There are a few possible defences if you are in the firing line of a defamation allegation. If you can prove that the statement is substantially true, then you have found yourself a get out of jail free card. Remember though, you have to have enough proof to be able to establish this… sometimes not as easy as it sounds.
Other defences include absolute privilege (for example in parliament – probably not relevant to most of us!), qualified privilege (for things like publication of public documents), honest opinion where the published materials are a comment (rather than a statement of fact) that is a matter of public interest, triviality and consent – among others.
Of course, often the mere threat that someone may have taken our comments as defamatory will be enough to have us deleting the material immediately – but in today’s cut and paste, tweet, and re-tweet kind of interaction with the internet, finding all traces of our comments and deleting them from the depths of google is easier said than done.
Recent comment on Craig Thompson’s defamation action against the media suggests that defamation litigation can have the effect of silencing the media even in instances where it may be in the best public interests for it not to be silenced. A sobering thought for those of us who may not have the deep pockets of a large media company to defend ourselves in the courts.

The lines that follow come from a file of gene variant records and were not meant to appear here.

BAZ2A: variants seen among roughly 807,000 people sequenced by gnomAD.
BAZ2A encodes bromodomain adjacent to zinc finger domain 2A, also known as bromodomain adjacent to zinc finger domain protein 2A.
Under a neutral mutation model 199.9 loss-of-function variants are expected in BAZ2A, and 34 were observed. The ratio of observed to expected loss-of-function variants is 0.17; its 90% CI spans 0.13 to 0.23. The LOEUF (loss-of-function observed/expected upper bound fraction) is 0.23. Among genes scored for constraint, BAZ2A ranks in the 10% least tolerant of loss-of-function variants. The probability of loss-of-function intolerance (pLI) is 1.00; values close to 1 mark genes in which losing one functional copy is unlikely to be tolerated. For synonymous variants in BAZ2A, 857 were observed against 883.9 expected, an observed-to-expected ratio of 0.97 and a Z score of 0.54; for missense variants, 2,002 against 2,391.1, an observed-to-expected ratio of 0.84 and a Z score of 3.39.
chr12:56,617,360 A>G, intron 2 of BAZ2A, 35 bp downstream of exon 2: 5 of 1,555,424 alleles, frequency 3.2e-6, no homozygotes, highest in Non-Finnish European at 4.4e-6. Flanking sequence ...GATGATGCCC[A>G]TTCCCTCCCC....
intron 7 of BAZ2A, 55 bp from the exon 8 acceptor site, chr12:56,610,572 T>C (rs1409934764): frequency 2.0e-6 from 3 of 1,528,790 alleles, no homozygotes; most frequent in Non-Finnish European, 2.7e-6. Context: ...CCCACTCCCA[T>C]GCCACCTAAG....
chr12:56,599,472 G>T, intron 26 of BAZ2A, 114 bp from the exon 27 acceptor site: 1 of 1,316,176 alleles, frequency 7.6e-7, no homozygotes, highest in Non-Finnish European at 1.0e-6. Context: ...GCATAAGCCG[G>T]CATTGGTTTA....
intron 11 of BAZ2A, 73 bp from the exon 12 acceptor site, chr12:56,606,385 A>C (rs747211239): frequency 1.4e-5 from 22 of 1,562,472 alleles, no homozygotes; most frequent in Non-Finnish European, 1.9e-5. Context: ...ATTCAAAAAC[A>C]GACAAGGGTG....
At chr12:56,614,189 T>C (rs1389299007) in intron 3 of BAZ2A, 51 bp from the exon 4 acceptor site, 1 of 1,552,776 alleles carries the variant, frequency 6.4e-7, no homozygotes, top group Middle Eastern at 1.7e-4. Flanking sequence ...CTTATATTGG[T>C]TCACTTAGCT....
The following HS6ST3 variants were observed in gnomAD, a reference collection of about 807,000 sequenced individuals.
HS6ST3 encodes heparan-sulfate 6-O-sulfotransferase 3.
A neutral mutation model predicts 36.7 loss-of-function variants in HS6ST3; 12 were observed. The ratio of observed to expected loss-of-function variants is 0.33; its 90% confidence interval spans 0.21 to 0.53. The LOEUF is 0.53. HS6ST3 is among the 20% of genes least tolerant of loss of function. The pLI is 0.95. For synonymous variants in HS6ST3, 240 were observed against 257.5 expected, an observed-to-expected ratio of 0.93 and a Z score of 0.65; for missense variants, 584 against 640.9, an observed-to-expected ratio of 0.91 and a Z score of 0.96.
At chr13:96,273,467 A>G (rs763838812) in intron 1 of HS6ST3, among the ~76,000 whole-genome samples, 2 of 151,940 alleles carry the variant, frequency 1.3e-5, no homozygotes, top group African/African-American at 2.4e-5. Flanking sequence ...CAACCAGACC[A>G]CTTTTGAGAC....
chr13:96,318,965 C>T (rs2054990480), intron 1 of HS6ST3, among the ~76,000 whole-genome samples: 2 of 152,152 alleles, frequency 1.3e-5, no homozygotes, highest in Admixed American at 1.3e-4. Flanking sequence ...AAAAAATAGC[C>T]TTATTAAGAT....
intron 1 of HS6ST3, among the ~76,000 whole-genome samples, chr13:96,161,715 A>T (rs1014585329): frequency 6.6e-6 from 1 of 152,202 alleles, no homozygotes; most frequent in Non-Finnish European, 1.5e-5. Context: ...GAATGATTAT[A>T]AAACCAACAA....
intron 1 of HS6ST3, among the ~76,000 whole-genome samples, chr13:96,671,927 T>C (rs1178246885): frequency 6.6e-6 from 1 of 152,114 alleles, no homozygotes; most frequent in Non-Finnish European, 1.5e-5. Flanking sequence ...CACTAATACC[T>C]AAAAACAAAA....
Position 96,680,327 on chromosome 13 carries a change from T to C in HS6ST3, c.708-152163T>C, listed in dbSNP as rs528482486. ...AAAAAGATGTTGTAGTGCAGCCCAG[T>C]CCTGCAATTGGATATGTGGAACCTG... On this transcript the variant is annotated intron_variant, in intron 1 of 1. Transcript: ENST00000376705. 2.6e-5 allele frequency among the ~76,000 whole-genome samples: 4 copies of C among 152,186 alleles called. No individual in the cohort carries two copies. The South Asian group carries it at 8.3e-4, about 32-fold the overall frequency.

So while we may feel justified in what we say, if we are putting our comments anywhere on the internet, we should perhaps be taking a step back, and ensuring we aren’t putting ourselves in the firing line.*
You may want to check out further information on this subject from Skepticlawyer, who has written an excellent piece on this very subject on his blog.
Awareness of liabilities
It is increasingly clear that Government bodies are being lobbied to increase penalties for comments made in journalism, media and even on blog comment streams, where people could be falsely accused, defamed, or their reputation could be being harmed by a constant harassment through concentrated articles.
I have been going through recent threads to check many of the comments for their content. Some comments, on posts I have added and their threads, I have removed. I was alerted to this by comments made by at least one contributor on recent articles which were, without doubt, defamatory in nature. I haven’t seen a whole lot of it on this blog, although it comes close sometimes, but I warned a previous Moderator that some of his posts were too close to the mark even then.
Things are set, quite rightly, in my view, to become even tighter legally, to defend people and their reputations from ill-informed or malicious people, and there are, I am sure, lawyers prepping up on litigation law to see where they can make a real killing in this area now that the first Twitter cases have got underway.I don’t know what you think, but, in my opinion, none of us should be allowed to defame someone even in jest on a public airway.
Judge scripture, test doctrine, have opinions about methodology and means, but do not slander the man.The amount of defamatory content I have seen on certain ‘watchers’ blogs is alarming. God does utilise the civil authorities to bring down disciplined policing of society. We need to learn to be circumspect about what content is allowed and what is to be cut away.
*Disclaimer: The material contained on this website is provided for general information purposes only and does not constitute legal advice. You should not depend upon any information appearing on this website without seeking legal advice. We do not guarantee that the contents of this website will be accurate, complete or up-to-date.